The Royal Entomological Society

About The Royal Entomological Society

The Royal Entomological Society is devoted to understanding and developing insect science. They aim to show every person how remarkable and valuable insects are and want to enrich the world with insect science. They support international collaboration, research, and publication through their four strategic priorities:

  1. Support the study and practice of insect science.
  2. Increase public understanding of insect science.
  3. Empower and support the entomological community.
  4. Invest in their workforce and infrastructure.

The Royal Entomological Society has a fantastic history embedded in high quality insect science. Their strategy will ensure that this is at the heart of the Society as they drive it forward globally. Success will be shown by increasing their impact, relevance and sustainability in the future.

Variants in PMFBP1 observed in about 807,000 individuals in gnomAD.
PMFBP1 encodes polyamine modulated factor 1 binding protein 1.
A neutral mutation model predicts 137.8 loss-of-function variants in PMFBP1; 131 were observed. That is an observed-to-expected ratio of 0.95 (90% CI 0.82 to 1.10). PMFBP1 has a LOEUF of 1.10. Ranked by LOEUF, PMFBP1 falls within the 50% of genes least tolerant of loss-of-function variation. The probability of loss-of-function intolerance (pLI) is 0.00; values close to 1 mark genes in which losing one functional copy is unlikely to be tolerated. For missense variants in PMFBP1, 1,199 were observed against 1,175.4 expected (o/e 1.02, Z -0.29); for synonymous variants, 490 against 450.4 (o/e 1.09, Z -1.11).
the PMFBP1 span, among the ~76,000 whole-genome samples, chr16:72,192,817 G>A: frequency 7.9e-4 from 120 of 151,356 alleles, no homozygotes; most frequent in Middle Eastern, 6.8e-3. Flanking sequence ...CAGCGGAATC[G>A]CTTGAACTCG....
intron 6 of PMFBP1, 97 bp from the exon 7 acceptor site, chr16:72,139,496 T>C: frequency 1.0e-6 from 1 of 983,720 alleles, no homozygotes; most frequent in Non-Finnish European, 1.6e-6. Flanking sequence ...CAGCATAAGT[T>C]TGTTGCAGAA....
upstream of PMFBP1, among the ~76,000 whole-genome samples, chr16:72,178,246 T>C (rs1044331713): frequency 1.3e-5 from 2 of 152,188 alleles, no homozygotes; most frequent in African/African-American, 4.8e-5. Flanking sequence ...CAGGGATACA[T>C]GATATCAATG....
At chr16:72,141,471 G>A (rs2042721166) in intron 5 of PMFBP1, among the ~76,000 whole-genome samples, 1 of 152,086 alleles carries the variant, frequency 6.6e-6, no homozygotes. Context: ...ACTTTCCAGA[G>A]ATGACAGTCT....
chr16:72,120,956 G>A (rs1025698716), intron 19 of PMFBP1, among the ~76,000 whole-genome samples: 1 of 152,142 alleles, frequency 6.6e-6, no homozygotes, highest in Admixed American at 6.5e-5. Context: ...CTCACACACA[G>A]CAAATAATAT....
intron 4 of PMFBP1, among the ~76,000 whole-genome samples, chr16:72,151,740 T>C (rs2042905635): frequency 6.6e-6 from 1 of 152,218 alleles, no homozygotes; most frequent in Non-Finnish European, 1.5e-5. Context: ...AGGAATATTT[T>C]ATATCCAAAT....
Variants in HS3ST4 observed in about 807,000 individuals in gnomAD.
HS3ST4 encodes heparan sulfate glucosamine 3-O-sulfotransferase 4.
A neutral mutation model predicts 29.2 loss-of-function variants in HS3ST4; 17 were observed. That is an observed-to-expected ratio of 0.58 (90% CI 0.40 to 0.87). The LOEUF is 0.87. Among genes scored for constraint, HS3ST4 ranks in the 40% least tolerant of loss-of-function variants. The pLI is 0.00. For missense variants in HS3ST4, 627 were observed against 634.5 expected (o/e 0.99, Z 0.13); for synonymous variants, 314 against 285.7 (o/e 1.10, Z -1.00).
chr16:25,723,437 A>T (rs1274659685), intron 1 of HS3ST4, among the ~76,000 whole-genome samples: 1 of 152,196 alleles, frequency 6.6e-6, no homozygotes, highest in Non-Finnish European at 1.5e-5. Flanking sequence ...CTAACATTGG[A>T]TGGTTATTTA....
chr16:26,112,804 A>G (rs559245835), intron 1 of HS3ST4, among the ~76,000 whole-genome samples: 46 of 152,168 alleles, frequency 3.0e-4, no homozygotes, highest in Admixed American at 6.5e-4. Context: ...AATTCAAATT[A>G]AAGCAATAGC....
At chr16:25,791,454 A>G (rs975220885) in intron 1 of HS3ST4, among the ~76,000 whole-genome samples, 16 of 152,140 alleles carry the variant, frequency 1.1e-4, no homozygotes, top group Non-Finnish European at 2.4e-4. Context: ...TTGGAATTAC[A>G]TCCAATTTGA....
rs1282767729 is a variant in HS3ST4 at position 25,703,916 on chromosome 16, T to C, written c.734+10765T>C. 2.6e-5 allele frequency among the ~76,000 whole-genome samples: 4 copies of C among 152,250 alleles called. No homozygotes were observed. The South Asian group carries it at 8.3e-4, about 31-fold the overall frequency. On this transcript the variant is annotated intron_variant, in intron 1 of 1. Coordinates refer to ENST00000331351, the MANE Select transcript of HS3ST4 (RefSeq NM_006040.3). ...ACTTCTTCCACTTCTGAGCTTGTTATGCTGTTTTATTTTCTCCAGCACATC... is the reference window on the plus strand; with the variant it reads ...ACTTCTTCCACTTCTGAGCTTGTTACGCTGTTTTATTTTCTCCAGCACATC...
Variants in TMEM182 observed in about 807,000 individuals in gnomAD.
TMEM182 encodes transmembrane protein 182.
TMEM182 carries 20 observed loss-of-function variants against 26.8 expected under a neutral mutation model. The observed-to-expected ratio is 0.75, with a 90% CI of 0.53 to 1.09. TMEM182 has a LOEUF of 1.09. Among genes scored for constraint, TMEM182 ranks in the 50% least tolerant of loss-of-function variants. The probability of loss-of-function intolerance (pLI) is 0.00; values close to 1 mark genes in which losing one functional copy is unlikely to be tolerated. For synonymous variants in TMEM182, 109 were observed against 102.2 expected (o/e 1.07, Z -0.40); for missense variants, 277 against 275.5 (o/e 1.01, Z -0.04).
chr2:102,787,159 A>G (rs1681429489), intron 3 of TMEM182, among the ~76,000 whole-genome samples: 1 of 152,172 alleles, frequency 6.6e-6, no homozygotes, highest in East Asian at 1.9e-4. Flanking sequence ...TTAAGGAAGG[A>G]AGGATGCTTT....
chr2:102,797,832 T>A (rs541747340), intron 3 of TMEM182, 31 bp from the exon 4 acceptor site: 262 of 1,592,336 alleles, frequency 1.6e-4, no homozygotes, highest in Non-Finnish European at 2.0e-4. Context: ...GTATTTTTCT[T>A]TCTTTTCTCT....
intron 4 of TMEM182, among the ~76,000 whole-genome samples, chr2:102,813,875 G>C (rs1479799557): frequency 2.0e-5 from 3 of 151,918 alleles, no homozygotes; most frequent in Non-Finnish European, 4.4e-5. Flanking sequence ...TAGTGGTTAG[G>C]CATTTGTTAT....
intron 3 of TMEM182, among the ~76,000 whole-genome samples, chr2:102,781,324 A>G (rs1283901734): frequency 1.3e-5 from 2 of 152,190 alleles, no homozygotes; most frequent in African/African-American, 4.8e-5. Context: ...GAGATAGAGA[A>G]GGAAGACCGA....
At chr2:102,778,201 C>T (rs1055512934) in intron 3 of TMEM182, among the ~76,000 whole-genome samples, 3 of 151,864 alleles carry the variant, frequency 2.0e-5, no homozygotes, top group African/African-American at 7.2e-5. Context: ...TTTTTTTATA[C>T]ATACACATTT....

Large blue butterfly at the Daneway Banks nature reserve. Photo Credit David Simcox

Primary Source Materials

  • Minute Books of Royal Entomological Society meetings going back to 1833
  • Other Royal Entomological Society Business
  • Correspondence of Alexander Henry Haliday (1807-1870)
  • Correspondence of Herbert Druce (1846-1913)
  • Correspondence and other papers of Roland Trimen (1840-1916)
  • Editorial Papers of Professor Edward Bagnall Poulton (1856-1939)
  • Correspondence and Papers of Hugh Warner Bedford (1894-1979)
  • Correspondence and Papers of Colbran Joseph Wainwright (1867-1949)
  • Papers of George Charles Champion (1851-1927)
  • Papers of Jacob Hübner (1721-1826)
  • Journals, notebooks, correspondence and papers of other entomologists
  • A selection of entomological illustrations
Buff tailed bumblebee – RES photo competition highly commended 2023. Photo Credit Raymond J Cannon


Entomology studies insects and their relationship to humans, the environment, and other organisms. The Royal Entomological Society features content on:

  • Agriculture
  • Evolution
  • Ecology
  • Biodiversity
Weaver ant is trying hard to cross to the other side. Photo Credit Alland Dharmawan.

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